—This is part two of a three part series on the topic of retreival exegesis—
In the first post I concluded that retrieval exegesis is hearing and listening to voices of the past for one’s current understanding of the Bible. Retrieval exegesis is mining the past to allow an ancient figure to shape, influence, and contribute to the current repository of readings. In the previous post I surveyed some of the philosophical foundations for retreival exegesis.
The following seeks to provide tangible ways for retrieval exegesis. Building upon a philosophical foundation for such endeavor, we now need some practical advice to accomplish such task.
The pastor’s study or the intrigued student is already quite busy and to add a few more tasks per week may seem to discourage such addition. However, the following has in mind the busy pastor and will open new ways of studying the Scriptures with the tools that are already available to their disposal.
Step 1: Add One Ancient Commentary to Your Exegetical Study
The first step towards retrieval exegesis is merely to add one ancient commentary to your exegetical study. You all know that single commentary that is found at the bottom of your list, it is the last one that you’ll pick up—but it’s still used nonetheless. I would recommend ditching such commentary and adding a Church Father’s commentary in its stead. In this way, you are not totally adding an extra item in your reading process.
When you are studying particular books of the Bible, be mindful of the following Patristic series’s:
- Fathers of the Church (Amazon, Logos Bible Software, CUA)
- Ancient Christian Writers (Amazon, Logos Bible Software, PaulistPress)
- Ancient Christian Texts (Amazon, IVP)
- Popular Patristics Series (Amazon, Logos Bible Software, SVS Press)
- Oxford Early Christian Texts (Amazon, OUP)
- Monachos Patristic Source Texts (Link)
- IVP Ancient Christian Commentary (Amazon, Accordance Bible Software, Logos Bible Software, IVP)
When beginning a new book for your sermon preparation, scan a number of these texts to see if there is an available commentary on these books of the Bible. Also, an appendix in Reading the Bible with the Dead offers a guide to English translations of pre–1600 commentary literature.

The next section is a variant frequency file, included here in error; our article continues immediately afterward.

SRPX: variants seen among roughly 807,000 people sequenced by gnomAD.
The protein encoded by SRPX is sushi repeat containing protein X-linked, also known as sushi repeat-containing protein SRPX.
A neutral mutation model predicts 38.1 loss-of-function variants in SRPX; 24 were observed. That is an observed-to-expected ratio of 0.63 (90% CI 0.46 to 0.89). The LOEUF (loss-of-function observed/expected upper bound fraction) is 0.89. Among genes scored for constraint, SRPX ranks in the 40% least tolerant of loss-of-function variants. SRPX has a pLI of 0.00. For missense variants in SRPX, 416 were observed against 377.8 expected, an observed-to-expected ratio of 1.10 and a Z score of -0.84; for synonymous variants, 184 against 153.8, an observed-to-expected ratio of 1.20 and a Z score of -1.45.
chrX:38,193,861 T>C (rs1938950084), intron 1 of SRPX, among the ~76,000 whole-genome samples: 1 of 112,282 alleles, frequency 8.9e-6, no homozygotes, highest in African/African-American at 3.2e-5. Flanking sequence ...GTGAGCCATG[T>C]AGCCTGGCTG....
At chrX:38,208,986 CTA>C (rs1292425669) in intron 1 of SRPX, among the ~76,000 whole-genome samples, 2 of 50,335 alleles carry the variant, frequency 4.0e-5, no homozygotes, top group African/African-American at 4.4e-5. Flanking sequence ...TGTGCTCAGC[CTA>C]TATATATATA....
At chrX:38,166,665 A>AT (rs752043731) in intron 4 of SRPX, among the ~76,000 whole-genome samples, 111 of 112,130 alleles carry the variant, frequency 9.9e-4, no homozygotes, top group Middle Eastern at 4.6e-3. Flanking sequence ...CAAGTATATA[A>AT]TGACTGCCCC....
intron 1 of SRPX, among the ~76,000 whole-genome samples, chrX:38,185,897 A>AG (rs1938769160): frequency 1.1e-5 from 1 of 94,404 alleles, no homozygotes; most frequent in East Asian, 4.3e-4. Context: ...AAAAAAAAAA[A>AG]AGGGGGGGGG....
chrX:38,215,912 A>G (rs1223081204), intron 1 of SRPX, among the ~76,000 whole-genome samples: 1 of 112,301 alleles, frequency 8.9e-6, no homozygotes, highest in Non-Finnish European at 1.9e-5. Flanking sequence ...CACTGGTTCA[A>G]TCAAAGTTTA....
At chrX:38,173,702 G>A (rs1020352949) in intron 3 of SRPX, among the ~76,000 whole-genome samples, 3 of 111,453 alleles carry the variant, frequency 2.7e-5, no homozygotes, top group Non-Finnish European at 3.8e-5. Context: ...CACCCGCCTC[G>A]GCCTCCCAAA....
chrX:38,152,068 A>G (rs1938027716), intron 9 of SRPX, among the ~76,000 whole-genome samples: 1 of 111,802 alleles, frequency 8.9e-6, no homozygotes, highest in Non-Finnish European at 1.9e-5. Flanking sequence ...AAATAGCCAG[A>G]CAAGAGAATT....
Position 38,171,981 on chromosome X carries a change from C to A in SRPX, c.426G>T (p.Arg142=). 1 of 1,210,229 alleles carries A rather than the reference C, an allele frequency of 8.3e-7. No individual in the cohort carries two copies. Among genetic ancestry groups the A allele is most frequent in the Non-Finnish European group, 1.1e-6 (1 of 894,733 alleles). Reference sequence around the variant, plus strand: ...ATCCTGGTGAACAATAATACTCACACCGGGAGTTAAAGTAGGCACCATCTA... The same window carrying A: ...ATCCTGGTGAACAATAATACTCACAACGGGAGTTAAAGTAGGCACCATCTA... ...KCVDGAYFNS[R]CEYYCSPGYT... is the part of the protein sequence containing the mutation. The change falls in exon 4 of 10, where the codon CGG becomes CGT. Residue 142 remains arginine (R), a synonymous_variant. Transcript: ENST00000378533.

For example, the Fathers of the Church Series offers numerous commentaries on books of Bible: Oecumenius on Revelation; Origen on Genesis, Exodus, Leviticus, Romans, and more; Augustine on the Gospel of John; or John Chrysostom on Genesis and the Gospel of John. The Popular Patristics Series has some on the following: Tertullian, Cyprian, and Origen on the Lord’s Prayer; a compilation of interpreters on the Transfiguration; and more.
The Ancient Christian Writers series is making its way onto the scene with more and more works devoted to books of the Bible. For example, the most recent addition is Cyril of Alexandria’s Commentary on John. This series is an attempt to recovery the ancient commentary tradition. Modern normative commentary standards drastically differ, and the editors call for the ancient commentary writers to “define commentarius according to their own lights.” Cyril is a notable figure because his work is left out from the ANF and NPNF series. According to David Maxwell, he offers advice when reading Cyril’s Commentary on John:
- Do not skip Cyril’s citation of Scripture in an attempt to “get to the point.” Cyril’s handling of Scripture is the point.
- Ask what connections Cyril is making between different texts and on what basis he is making those connections.
- Pay attention when Cyril launches into a summary of the entire story of salvation. He has multiple ways of telling it.
Step 2: Utilize the New Features of Logos 6
Most students of Scripture now use Bible software in their study. Whether it is Accordance, Bible Works, or Logos, computer software is part of the student’s life.